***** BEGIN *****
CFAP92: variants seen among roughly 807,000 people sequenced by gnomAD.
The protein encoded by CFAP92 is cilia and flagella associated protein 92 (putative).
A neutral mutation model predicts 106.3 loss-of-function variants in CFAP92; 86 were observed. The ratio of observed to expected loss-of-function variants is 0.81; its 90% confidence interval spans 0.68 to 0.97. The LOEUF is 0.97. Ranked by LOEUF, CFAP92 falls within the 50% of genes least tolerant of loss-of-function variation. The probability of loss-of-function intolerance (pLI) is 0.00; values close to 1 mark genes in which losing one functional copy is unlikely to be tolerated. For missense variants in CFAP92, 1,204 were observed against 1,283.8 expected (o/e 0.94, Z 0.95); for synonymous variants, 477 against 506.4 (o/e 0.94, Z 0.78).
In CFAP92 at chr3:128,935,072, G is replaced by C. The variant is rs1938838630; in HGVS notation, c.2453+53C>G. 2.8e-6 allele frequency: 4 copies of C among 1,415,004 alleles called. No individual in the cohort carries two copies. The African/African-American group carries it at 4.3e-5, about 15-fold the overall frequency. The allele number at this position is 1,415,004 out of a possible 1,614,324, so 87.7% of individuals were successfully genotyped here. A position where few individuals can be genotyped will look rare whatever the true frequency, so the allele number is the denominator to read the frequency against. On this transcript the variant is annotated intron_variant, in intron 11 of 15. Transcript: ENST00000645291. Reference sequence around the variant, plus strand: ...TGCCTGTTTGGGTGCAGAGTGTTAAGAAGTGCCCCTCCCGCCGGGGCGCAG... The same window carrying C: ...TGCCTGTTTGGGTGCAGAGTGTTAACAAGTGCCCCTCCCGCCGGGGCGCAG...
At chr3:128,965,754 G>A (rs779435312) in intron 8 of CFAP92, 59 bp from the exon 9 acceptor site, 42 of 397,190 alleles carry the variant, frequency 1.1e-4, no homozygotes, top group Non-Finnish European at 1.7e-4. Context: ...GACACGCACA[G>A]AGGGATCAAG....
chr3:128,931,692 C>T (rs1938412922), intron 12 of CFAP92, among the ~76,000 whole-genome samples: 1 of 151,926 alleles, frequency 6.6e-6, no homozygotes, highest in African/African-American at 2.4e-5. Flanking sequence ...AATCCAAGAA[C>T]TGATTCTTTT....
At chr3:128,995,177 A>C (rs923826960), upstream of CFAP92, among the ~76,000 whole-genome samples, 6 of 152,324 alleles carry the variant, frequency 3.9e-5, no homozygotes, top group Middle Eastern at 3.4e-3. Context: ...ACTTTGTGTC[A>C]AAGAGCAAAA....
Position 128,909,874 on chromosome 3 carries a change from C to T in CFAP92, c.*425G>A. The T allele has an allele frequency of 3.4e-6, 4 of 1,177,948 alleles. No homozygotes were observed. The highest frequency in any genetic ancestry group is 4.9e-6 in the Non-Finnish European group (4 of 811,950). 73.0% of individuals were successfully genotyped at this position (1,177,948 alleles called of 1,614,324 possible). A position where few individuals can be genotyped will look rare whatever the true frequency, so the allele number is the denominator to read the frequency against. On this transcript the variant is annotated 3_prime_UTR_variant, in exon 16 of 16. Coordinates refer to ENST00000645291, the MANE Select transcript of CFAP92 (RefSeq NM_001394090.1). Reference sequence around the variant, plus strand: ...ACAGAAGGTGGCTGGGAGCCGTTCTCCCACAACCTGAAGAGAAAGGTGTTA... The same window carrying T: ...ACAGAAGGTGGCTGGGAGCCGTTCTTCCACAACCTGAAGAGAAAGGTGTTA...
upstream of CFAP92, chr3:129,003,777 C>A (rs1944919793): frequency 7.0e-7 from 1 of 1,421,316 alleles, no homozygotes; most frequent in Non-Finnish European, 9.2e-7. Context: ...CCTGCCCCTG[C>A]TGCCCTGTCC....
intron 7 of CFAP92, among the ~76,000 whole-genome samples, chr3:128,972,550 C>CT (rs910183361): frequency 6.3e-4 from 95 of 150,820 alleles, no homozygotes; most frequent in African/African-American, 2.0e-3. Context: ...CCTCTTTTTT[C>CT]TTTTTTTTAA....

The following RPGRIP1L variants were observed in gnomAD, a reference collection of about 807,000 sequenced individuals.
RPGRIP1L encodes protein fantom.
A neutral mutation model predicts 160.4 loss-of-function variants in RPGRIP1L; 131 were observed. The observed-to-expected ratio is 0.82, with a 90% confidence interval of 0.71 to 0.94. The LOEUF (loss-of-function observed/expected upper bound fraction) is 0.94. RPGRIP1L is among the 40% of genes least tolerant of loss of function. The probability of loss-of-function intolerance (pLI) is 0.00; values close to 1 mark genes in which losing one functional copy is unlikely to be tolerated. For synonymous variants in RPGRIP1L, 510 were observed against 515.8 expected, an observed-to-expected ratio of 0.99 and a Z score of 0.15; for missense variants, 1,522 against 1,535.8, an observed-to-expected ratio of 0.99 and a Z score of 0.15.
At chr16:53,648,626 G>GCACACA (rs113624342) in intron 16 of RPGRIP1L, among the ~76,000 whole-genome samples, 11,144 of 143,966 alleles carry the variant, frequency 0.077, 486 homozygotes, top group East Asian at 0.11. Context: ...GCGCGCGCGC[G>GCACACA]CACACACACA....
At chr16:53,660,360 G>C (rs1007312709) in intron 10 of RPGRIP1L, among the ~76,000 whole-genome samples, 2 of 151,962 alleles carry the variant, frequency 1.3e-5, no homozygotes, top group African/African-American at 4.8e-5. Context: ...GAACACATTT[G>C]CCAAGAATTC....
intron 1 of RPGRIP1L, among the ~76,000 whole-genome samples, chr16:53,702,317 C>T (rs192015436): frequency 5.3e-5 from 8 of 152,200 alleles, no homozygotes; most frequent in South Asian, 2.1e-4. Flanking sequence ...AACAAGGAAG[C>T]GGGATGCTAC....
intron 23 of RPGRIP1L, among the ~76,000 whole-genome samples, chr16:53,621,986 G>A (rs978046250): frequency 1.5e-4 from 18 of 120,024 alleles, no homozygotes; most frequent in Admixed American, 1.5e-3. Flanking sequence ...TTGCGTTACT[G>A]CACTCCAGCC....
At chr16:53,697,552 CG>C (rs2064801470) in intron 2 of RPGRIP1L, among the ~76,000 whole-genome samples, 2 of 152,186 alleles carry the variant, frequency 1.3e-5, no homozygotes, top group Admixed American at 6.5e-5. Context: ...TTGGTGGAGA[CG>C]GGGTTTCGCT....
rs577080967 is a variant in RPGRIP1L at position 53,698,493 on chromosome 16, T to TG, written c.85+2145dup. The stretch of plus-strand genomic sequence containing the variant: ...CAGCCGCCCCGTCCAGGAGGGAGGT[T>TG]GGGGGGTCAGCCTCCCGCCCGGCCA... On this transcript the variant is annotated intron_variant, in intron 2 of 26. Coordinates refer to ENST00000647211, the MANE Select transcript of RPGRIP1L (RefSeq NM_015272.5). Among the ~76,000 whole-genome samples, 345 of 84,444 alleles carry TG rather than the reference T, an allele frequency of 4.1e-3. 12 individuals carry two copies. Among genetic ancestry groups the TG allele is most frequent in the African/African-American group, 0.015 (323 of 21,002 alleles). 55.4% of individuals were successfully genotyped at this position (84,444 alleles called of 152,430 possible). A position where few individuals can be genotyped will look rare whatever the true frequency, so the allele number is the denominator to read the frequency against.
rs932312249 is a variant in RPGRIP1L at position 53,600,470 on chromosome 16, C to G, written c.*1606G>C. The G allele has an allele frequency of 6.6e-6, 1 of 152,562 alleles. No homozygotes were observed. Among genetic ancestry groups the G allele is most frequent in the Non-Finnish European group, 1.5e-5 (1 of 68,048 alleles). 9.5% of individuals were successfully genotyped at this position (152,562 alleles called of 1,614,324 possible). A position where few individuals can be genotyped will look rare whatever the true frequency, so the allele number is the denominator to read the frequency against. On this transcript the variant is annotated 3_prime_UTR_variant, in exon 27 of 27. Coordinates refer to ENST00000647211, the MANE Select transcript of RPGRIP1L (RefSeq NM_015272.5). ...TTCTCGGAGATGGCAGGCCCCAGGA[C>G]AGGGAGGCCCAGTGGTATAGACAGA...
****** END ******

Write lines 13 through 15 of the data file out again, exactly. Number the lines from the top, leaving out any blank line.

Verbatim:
A neutral mutation model predicts 160.4 loss-of-function variants in RPGRIP1L; 131 were observed. The observed-to-expected ratio is 0.82, with a 90% confidence interval of 0.71 to 0.94. The LOEUF (loss-of-function observed/expected upper bound fraction) is 0.94. RPGRIP1L is among the 40% of genes least tolerant of loss of function. The probability of loss-of-function intolerance (pLI) is 0.00; values close to 1 mark genes in which losing one functional copy is unlikely to be tolerated. For synonymous variants in RPGRIP1L, 510 were observed against 515.8 expected, an observed-to-expected ratio of 0.99 and a Z score of 0.15; for missense variants, 1,522 against 1,535.8, an observed-to-expected ratio of 0.99 and a Z score of 0.15.
At chr16:53,648,626 G>GCACACA (rs113624342) in intron 16 of RPGRIP1L, among the ~76,000 whole-genome samples, 11,144 of 143,966 alleles carry the variant, frequency 0.077, 486 homozygotes, top group East Asian at 0.11. Context: ...GCGCGCGCGC[G>GCACACA]CACACACACA....
At chr16:53,660,360 G>C (rs1007312709) in intron 10 of RPGRIP1L, among the ~76,000 whole-genome samples, 2 of 151,962 alleles carry the variant, frequency 1.3e-5, no homozygotes, top group African/African-American at 4.8e-5. Context: ...GAACACATTT[G>C]CCAAGAATTC....